Monday, June 02, 2008


The Prodigal Kiwis (Paul Fremont and Alan Jamieson) have a new post on William Stringfellow - an inspiration of mine, who died 23 years ago. Stringfellow was a lawyer in largely black East Harlem, an Episcopalian, a radical activist and a very substantial lay theologian who took American Christianity by the scruff of the neck and gave it a good shaking. Indeed, Karl Barth once famously told a staid theological conference that this was the man they should listen to. His work (including An Ethic for Christians and Other Aliens in a Strange Land) appeared in a series of now out-of-print books and latterly in Sojourners magazine.

In 1997 I helped with a conference in Oxford about Stringfellow's legacy, primarily organised by Tony Dancer. I led a seminar which became an essay called 'Talking Nonsense to Power' in Tony's book William Stringfellow in Anglo-American Perspective (Ashgate). There's a brief excerpt here. Among the other contributors are Rowan Williams and Chris Rowland. Unfortunately (especially for a book that seeks to represent a grassroots intellectual) it costs £45 in hardback. A paperback edition is sorely needed. When I met ++Rowan at a Lambeth reception a year or so ago we mentioned approaching the publisher about that. I ought to follow up. Thanks, Paul and Alan, for keeping Stringfellow's profile up there.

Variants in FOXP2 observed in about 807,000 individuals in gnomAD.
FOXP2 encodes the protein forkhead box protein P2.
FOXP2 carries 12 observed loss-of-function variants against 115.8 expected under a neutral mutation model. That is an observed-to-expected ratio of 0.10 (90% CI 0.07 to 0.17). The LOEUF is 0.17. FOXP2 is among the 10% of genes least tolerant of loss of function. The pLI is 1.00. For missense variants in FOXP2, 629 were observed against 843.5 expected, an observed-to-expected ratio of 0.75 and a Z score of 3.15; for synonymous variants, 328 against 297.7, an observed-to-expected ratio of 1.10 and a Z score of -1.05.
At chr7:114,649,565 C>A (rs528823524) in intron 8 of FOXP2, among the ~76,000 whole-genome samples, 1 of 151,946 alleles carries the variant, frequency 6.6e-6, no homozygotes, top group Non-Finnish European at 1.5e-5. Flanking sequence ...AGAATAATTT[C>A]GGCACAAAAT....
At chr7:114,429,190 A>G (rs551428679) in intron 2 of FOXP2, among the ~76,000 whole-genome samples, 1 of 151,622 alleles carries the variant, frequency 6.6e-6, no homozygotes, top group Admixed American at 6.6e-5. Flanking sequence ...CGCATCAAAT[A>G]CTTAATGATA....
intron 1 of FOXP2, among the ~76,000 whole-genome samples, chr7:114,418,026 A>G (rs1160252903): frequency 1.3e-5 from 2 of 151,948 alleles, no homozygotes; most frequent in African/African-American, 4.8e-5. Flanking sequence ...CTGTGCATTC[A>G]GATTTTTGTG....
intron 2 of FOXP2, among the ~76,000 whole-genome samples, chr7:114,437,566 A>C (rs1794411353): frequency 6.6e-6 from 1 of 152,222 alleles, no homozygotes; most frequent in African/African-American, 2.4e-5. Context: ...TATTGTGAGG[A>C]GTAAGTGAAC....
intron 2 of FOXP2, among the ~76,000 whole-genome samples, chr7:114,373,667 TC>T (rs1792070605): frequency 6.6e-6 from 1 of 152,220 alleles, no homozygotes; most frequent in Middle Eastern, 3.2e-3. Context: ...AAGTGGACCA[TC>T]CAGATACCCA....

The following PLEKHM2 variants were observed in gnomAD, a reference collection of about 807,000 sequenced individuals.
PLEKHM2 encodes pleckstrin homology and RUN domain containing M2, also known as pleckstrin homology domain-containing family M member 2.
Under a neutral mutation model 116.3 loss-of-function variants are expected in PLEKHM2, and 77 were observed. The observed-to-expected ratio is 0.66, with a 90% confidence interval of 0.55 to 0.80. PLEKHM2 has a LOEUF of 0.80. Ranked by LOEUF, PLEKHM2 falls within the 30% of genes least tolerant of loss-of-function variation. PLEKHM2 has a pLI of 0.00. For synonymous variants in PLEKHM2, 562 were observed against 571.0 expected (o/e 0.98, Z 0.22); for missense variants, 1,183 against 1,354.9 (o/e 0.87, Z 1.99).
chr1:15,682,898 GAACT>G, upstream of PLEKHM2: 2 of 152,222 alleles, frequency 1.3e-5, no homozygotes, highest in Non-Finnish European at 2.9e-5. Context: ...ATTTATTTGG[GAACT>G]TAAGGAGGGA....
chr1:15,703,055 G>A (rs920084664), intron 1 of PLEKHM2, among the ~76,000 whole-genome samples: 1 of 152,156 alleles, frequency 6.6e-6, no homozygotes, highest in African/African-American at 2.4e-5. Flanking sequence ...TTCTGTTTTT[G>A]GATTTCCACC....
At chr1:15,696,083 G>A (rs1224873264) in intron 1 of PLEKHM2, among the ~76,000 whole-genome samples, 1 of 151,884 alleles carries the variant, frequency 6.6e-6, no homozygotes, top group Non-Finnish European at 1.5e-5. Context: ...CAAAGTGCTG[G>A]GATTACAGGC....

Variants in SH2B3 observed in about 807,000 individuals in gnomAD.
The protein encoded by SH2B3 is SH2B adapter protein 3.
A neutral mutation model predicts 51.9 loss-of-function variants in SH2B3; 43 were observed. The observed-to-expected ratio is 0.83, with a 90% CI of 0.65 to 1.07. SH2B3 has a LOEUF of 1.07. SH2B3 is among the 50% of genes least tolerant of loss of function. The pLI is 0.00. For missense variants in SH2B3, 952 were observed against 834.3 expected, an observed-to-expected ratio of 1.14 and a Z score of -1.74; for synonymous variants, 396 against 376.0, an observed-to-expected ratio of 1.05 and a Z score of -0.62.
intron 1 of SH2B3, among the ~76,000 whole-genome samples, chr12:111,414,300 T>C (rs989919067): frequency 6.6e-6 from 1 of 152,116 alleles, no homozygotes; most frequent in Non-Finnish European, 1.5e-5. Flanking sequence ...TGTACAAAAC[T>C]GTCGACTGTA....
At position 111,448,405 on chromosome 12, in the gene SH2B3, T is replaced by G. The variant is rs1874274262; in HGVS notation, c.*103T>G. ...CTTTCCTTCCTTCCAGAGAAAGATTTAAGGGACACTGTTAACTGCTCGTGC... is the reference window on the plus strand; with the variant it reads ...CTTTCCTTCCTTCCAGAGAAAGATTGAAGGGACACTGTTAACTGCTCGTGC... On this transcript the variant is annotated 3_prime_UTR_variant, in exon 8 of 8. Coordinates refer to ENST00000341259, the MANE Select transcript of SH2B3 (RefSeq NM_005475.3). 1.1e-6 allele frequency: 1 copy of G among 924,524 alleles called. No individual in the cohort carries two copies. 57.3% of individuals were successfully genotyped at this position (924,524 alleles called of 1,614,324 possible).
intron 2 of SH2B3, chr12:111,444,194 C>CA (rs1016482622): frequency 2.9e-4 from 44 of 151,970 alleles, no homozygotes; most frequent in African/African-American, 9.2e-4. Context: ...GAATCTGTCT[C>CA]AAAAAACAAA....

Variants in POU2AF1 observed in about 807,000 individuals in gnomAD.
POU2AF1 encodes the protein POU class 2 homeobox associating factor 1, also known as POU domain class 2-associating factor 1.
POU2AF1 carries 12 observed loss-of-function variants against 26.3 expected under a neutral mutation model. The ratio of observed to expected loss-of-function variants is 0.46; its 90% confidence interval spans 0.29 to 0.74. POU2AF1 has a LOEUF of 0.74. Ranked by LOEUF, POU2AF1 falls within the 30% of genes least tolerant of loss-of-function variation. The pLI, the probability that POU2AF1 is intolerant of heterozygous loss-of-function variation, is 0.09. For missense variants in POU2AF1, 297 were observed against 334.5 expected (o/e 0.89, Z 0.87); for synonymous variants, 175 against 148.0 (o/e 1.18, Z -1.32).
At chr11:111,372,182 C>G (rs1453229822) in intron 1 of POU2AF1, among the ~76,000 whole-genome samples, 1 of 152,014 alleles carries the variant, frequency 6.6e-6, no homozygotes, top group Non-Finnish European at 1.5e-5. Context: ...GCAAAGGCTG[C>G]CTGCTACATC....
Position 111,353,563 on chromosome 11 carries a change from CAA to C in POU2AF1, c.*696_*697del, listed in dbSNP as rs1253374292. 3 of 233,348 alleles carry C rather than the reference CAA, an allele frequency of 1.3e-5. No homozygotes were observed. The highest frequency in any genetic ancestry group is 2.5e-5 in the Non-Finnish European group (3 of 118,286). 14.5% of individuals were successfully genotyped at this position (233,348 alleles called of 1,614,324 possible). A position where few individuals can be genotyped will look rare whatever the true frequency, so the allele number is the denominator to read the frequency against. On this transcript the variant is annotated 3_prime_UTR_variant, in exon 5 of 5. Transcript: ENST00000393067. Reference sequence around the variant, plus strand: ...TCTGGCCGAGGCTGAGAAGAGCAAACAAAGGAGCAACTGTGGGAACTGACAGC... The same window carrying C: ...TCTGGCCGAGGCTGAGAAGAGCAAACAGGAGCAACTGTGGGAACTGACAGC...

Jane said...

I love the title speaking nonsense to power!

Doug said...

inAgreed - paperback edition would be helpful in helping spread the word about Stringfellow's witness and contribution.

Fortunately Wipf & Stock have ben doing a great job brining his work back into print.

Stringfellow;s writing is sharp, passionate and disturbing. It needs to be widely read by academics who want to serve the church, church leaders to get a handle on why they are not really leading as well as by grass roots theologians as an encouragement to keep going.

Simon Barrow said...

Good point about Wipf & Stock, Doug. I must check them out and do some publicity.

Jane, the title for my chapter (which I will put online in full at some point) came from an off-the-cuff Stringfellow comment - glossolalia, he said, was a language of love that was incomprehensible to "the powers". (People forget that he, not Yoder or Wink, was the originator of the modern analysis of St Paul's language about 'principalities and powers'.

Jane said...

Thanks For that Simon - very interesting
btw the link to stringfellow takes me to a football page - is there some cultural reference I'm not getting??
Greetings from Rome where it's Lazio all the way

Simon Barrow said...

Whoops, just corrected that link!
It's here, too: